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View Full Version : Moisture % on a wood block before stabilizing



Anton
05-02-2013, 01:07 PM
For a special project; I've picked up a beautiful piece of Cocobolo which it currently reads at 16% in the moisture meter. Would like to ask some questions to make sure I'm going in the right direction

My questions are:

1. For this type of wood what moisture % is the most desirable before stabilizing?
1A. If it needs to dry further, assuming in a Kiln, how long before it gets to that "desirable" moisture?
B. Is stabilizing needed? (There will be metal spacers)

While the maker of this handle/project will probably dictate what to do here, and I'm sure this varies from maker to maker, I would like to hear what other experts have to say.

Thank you

Dream Burls
05-02-2013, 01:52 PM
1. Stabilization would typically need the piece to be 10% MC or lower.
2. There are all kinds of kilns and they can operate at different temperatures and humidity levels. I would suggest you take an MC reading, put it in the kiln for a couple of hours and take another reading. You can then calculate about how long it will take to get to the MC level you require.
3. For me, Cocobolo is on the cusp of needing to be stabilized. If you don't want to have to worry about it go ahead and stabilize it, but it might be okay if you don't. I'd take the maker's lead in this regard.

apicius9
05-02-2013, 03:56 PM
1. Stabilization would typically need the piece to be 10% MC or lower.


yeah yeah, that's what they say... ;) But true, generally it should be 10% or lower, but I have no chance to get it that dry in Hawaii except when I take it out of a kiln and ship it right away. Mine is usually 12-14% and I never had problems with stabilizing. As for cocobolo, I agree with Myron - you can stabilize it but you don't have to. To be honest, I never had it stabilized but I understand that an oily wood like cocobolo can seep out oil for weeks after stabilizing, so you may want to rest it for a while. Among the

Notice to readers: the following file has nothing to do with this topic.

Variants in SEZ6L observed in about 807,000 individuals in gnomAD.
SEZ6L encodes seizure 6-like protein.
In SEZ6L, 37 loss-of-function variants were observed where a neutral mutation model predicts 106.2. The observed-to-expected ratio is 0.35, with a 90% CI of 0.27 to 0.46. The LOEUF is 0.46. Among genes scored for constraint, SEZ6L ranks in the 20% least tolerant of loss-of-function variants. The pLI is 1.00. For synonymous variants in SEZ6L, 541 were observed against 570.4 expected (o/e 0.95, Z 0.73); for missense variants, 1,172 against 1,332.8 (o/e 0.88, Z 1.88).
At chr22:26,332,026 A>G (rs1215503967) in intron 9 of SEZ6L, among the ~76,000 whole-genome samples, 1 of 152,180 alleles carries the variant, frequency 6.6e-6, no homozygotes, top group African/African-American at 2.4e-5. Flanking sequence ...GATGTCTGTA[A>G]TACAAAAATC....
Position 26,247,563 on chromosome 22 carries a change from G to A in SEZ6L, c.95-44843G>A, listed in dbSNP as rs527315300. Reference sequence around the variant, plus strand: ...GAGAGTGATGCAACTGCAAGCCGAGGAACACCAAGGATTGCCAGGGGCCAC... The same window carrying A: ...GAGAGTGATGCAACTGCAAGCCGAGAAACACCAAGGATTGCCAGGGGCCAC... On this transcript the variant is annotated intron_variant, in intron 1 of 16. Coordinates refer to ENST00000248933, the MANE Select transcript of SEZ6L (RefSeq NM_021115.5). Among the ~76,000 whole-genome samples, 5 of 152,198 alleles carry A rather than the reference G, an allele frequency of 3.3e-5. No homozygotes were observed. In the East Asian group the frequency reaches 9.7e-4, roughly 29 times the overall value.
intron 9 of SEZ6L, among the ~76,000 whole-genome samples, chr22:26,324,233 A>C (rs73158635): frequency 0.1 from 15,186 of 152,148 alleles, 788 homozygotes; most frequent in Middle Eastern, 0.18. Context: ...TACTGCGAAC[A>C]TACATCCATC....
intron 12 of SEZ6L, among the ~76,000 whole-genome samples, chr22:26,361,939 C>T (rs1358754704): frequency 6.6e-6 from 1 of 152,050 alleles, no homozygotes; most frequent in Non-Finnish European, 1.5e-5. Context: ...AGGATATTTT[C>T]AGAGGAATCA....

few handles I made from cocobolo there also were some with metal spacers and I cannot remember any issues. Of course, I would hope to hear back from buyers if there were any later when the handle has adapted to a different climate zone.

Stefan

Anton
05-02-2013, 06:58 PM
Great feedback - thank you very much! At the end of the day I know the maker will do what will produce the best product, but it never hurts to get additional expert feedback.

Burl Source
05-03-2013, 03:41 PM
Many of the rosewoods will bleed for weeks, months or ???? after being stabilized.
16% moisture is too high to use right away in my opinion.
I may be over cautious, but I would set it aside for another year before using.
A lot of the denser woods will pull themselves apart if forced to dry to quickly.

Marko Tsourkan
05-03-2013, 10:04 PM
I would seal it in a plastic bag with some saw dust and let it dry for 3 months and then you should be fine. In the summer when moisture content in the air increases, most dry woods would read 10-12%.

Burl Source
05-03-2013, 11:17 PM
I don't want to get argumentive.
But.......
All rosewoods dry very slowly.
They are very prone to cracking until dry.
After they are dry they are very durable.
http://i901.photobucket.com/albums/ac219/burlsource/413/c001_zps5de3ba28.jpg
This shows what Cocobolo does when it dries to quickly. I selected this piece because the cracking was more visible.
For Rosewood, 16% is too high.
I suggest setting it aside for at least another year.
If you are making a wa handle you might be able to use it before then.
But scales you you want to be extra cautious.